What Is The Lie Elizabeth Tells Danforth

In Act 3, what are the consequences of Elizabeth lying?

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In Act 3, Elizabeth's lie further incriminates her husband and causes the court to distrust Proctor's veracity.

Accordingly, when Elizabeth is brought before Danforth, she refuses to confess that her husband has committed the crime of lechery. All she will admit to is that she was jealous of Abigail, and she imagined that Proctor had become infatuated with the girl. Ostensibly, her suspicions were the only reason she had Abigail removed from the household. Elizabeth states that her husband is a "goodly man" who never turned from her; essentially, she lies to save Proctor. However, Elizabeth makes the situation worse for her husband.

Hale understands how a wife might lie to save a beloved husband, but Danforth seems impervious to such an eventuality. The gullible Danforth is further manipulated by Mary, who now claims that Proctor will murder her if Elizabeth hangs. In the end, Danforth dispatches orders for Proctor to be jailed, and Hale quits the court. Until now, Hale has been arguing for the possibility of Proctor's innocence. After Elizabeth's lie (and Mary's accusation) however, Hale loses his own credibility and is humiliated by his previous, vocal support for Proctor.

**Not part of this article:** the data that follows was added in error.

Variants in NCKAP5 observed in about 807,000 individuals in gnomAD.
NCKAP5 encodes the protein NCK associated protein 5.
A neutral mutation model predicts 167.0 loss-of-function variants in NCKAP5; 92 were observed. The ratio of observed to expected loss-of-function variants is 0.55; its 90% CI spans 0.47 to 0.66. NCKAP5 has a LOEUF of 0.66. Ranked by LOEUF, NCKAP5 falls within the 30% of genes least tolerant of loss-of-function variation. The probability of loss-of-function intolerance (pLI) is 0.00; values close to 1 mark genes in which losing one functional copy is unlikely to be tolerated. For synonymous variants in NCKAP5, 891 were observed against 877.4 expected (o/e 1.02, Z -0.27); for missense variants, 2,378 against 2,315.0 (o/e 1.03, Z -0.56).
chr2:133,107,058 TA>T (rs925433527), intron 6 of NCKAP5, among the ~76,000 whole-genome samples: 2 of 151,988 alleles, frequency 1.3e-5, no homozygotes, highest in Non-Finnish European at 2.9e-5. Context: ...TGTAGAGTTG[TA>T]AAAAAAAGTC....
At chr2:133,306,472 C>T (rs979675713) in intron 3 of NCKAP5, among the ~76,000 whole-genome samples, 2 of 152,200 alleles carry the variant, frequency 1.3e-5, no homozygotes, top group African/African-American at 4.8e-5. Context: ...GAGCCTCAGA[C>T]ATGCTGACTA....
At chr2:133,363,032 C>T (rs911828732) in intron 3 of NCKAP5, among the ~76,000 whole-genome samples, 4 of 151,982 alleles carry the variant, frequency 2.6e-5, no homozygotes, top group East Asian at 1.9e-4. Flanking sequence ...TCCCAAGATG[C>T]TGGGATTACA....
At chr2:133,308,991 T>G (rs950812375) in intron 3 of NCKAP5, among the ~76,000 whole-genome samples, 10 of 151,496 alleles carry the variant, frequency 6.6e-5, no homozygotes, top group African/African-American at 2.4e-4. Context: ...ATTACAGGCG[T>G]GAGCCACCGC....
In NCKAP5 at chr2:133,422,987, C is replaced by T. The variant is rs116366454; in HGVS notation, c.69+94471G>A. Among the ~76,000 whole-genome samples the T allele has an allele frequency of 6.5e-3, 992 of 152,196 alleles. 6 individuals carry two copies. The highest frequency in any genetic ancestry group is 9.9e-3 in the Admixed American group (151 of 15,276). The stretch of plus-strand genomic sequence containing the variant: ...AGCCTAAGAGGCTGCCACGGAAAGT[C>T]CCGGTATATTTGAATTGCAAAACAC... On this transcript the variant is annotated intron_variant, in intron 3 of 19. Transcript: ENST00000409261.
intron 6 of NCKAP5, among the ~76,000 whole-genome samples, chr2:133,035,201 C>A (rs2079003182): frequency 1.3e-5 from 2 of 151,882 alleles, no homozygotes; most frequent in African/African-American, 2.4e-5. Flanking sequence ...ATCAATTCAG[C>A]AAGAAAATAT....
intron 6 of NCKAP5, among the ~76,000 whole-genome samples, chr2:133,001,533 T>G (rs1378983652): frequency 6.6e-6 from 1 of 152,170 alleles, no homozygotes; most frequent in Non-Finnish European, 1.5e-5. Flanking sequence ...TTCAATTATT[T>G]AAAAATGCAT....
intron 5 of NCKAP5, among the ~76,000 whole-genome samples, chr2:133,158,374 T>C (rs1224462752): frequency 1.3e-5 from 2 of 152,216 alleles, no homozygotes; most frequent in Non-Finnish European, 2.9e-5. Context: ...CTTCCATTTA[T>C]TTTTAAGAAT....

Additionally, with Proctor in prison, Elizabeth is bereft of her husband's emotional support during her pregnancy. So, Elizabeth's lie leads to negative consequences for both Proctor and her. In the end, Proctor is hanged for his supposed guilt even though he is innocent. If Elizabeth had not lied, the guilty parties might have been called to account for their own falsehoods.

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The result of Elizabeth's lie is to make a bad situation worse for herself and Proctor. She is asked by Danforth whether her husband had an affair with Abigail, and she denies it, wanting to save Proctor's reputation. However, she does not know that Proctor has already confessed to this just a few moments before, and furthermore, that he declared emphatically to Danforth that Elizabeth is strictly truthful. Hale realises her innocent motive for lying, that she simply wanted to protect her husband, but Danforth's suspicions of the Proctors increase because of it. Also, if Elizabeth had told the truth about Proctor and Abigail, Abigail would have been discredited in court. As it is, Abigail emerges even stronger from the scene, particularly when she further manages to convince Danforth that she and the other girls are being attacked by Mary Warren's spirit, while Proctor ends up in jail.

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